This new plane can be likened to a birthday gift as Cayman Airways is celebrating its 50th anniversary this year
Premier Hon. Alden McLaughlin
Published 30th November 2018, 3:24pm
Thank you for joining us as we welcome the newest plane to our fleet, the Boeing 737 Max 8.
Today has been long awaited and I congratulate the Board, Management, and staff of Cayman Airways on getting to today’s historic event.
This new plane can be likened to a birthday gift as Cayman Airways is celebrating its 50th anniversary this year. Since 1968 our national flag carrier has been serving the Cayman Islands, bringing people in and out of our beloved Isles. And the arrival of this fantastic brand-new aircraft will help position Cayman Airways and the Cayman Islands for the next 50 years of success.
Not only can our Islands be proud that our national flag Carrier Cayman Airways is now flying the first Boeing 737 Max to be operated by a Caribbean-based airline, but we can also be proud that once again Cayman Airways is doing its part to help secure the future of our Islands and our people.
Those who lead, or who understand leadership, know full well that leaders must think and plan not just for today or for tomorrow, but as far into the future as possible.
Leaders prepare for the future first by thinking and planning for it. Then by acting; for thinking and planning alone are of little consequence without action.
In the words of Franklin D Roosevelt – To reach a port, we must set sail. We must sail, not stay tied at anchor. We must sail, not drift.
There will always be those who question if this is the right aircraft or whether we should even have new plane at all. They think only about today and have no vision for where the Cayman Islands can be in 25 or even 50 years.
Some are afraid of the future and of change, preferring that we stay as we are, tied at anchor – not realizing that in changing times if one does not also change then the world and opportunities will leave us behind.
There are others who have a knack for talking about what should be done, and while they talk, nothing actually gets done. And if we follow them then we will merely drift with the tides, and land wherever the current takes us.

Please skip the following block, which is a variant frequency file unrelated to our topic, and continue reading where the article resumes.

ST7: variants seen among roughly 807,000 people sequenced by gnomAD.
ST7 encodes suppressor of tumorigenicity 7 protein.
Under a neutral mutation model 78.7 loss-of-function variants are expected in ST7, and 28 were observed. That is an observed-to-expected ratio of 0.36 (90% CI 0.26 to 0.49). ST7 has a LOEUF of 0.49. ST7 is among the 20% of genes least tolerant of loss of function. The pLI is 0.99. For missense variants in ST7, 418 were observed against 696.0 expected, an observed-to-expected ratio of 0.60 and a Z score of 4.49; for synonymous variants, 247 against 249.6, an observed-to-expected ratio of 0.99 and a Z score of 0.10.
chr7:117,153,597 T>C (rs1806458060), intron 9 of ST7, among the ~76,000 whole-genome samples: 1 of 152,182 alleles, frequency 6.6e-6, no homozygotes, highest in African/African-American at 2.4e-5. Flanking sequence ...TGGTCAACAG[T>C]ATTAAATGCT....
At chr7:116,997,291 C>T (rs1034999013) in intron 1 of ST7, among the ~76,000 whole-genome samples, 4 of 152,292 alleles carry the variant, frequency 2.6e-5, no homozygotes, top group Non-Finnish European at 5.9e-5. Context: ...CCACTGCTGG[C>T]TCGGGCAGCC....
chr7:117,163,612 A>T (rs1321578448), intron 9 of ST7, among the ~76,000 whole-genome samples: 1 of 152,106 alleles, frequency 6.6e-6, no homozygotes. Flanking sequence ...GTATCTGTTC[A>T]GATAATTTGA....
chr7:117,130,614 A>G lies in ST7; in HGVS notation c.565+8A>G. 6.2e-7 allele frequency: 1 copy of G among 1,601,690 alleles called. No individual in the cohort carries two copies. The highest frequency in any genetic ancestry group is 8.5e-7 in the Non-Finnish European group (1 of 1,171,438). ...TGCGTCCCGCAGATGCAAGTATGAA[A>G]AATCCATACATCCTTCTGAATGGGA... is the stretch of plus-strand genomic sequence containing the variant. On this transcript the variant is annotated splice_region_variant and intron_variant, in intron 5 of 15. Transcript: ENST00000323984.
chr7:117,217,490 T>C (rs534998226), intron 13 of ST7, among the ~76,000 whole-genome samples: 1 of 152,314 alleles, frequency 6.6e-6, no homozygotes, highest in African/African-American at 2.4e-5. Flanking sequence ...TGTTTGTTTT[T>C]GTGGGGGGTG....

As we celebrate the 60th anniversary of our Coat of Arms this year, and of our Constitution next year, we are reminded that those who went before us and charted our way forward understood that to create a better life for our people we had to a new course and to sail toward new opportunities – not stay tied at anchor or merely drift.
The Board and Management of Cayman Airways understand the importance of planning and acting to ensure that the future of CAL and Cayman continues to remain bright for the next 50 years. And the government I have the honor and privilege to lead endorsed and supported their decision.
I congratulate them and the Deputy Premier for the vision and the willingness to act so that we can be here today.
Cayman Airways is an important lifeline for us. In a time when we are seeing a booming economy I am also acutely aware that we also have many challenges. Our economic model has been constantly evolving over the decades – but the main drivers of our economy remain tourism and financial services. And at a time when we are seeing financial services coming under increasing attack we must ensure that we not only continue to diversify our economy but also to shore up and grow our key pillar economic sectors.
The investment in Cayman Airways and in its new fleet is one way this Government is strengthening our stay over tourism product and protecting our economy. The upgrading of Owen Roberts International Airport is another. We are also supporting the work of private sector to invest in various hotel projects.
And with the Max 8’s coming online CAL will play an important role in helping to fill those hotel rooms through new routes that were previously not possible with the older aircraft.
But today is an important day for tourism for more than one reason. The Ministry of Tourism will be issuing a press release this afternoon to formally announce that Royal Caribbean Cruises Ltd. and Carnival Corporation have now made the financial commitments sought from them by the Government towards financing the cruise berthing project. Those commitments, coupled with the finance to be provided by the preferred bidder on the project, effectively ensure that no public money will be required to build the new berths.